Sweeney Todd review – raging underdog adds politics to the pies

Everyman, Liverpool
Nick Bagnall’s ingenious revival reminds us that Sondheim’s musical thriller is also a savagely political piece about injustice

Forty years after its premiere, Stephen Sondheim’s dark masterpiece is an established classic. Although it has been performed everywhere from opera houses to pie shops, it seems right that it is revived at the Everyman, since this was one of the first theatres to stage the Christopher Bond play that inspired the musical. Nick Bagnall’s production – with just nine actors and four musicians – ensures that Bond’s intention to give the melodrama a political edge is suitably honoured.

The great thing about this musical, with book by Hugh Wheeler, is that it can take on so many different colours. I am sometimes reminded of Britten’s Peter Grimes in that Sondheim’s music and lyrics reveal an intuitive sympathy with a tortured outsider. But Bagnall has revealed that he read Friedrich Engels’ book on the English working class in preparation, and the result is a production that emphasises the timeless exploitation of the underdog.

“Is there no justice in this city?” someone cries, and Liam Tobin’s boiler-suited Sweeney is clearly driven by social rage in his desire to avenge the abduction of his wife by those who dispense the law. In a telling detail, the pseudo-Italian barber, Pirelli, also whips his enslaved assistant in a manner that suggests the class dynamic of Pozzo and Lucky in Waiting for Godot.

Kacey Ainsworth in Sweeney Todd
Outstanding ... Kacey Ainsworth (Mrs Lovett) in Sweeney Todd. Photograph: Marc Brenner

Bagnall’s production makes a virtue of its intimacy. The musicians, under the direction of Tarek Merchant, become part of the action with the violinist, Samantha Norman, sitting alongside the sadistic Judge Turpin as he hymns Pretty Women. The actors use a hooked gaff to propel the revolving stage as if reminding us that this is a society based on manual labour. While the stress is on social commentary, the ghoulish nature of the narrative is also underscored: Sweeney’s victims are dispatched to the subterranean bakehouse in the disturbing form of bucketfuls of clotted blood. There may have been better-sung productions, but few quite so ingenious.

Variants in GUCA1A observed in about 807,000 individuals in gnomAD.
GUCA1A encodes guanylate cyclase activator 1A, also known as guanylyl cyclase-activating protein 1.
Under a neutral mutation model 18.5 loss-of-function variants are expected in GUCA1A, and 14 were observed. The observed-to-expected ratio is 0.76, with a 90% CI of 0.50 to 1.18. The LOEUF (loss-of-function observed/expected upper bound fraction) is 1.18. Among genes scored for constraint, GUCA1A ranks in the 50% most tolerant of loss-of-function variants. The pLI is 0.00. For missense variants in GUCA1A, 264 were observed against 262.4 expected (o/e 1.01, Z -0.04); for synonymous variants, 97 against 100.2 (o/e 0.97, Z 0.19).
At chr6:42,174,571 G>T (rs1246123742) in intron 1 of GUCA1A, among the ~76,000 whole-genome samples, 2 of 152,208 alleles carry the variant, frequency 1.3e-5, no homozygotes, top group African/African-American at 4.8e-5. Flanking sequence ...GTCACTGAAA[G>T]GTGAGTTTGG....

The main surprise is the realisation that it is the pie shop’s Mrs Lovett who drives the action forward and who is as much the focus as Sweeney, but that is partly because of an outstanding performance by Kacey Ainsworth. Constantly raising an abusive finger to an unseen rival, she reminds us that Mrs Lovett is first of all an aggressive, hard-headed businesswoman. But Ainsworth captures perfectly the character’s willing complicity in murder for both profit and pleasure. The highlight of the evening is her rendering of By the Sea, in which Ainsworth rapturously evokes all the imagined joys of the seaside, from lazy sun-lounging to limitless sex.

Tobin conveys Sweeney’s vengeful ferocity and hint of monomania beneath a deceptively ordinary surface but, while he acts the role vigorously, he doesn’t yet do full justice to its musical richness. There is good support from Paul Duckworth as a smoothly rapacious Judge Turpin, Mark Rice-Oxley as a bent beadle who looks as if he might have stepped out of Line of Duty, and Dean Nolan as a Pirelli who is both bully and flamboyant showman.

Sondheim always classifies the work as a “musical thriller”. It is that but, as this production reminds us, it is also a savagely political piece about the high price society pays for perpetuating injustice and inequality.

• At Everyman, Liverpool, until 18 May.


Michael Billington

The GuardianTramp

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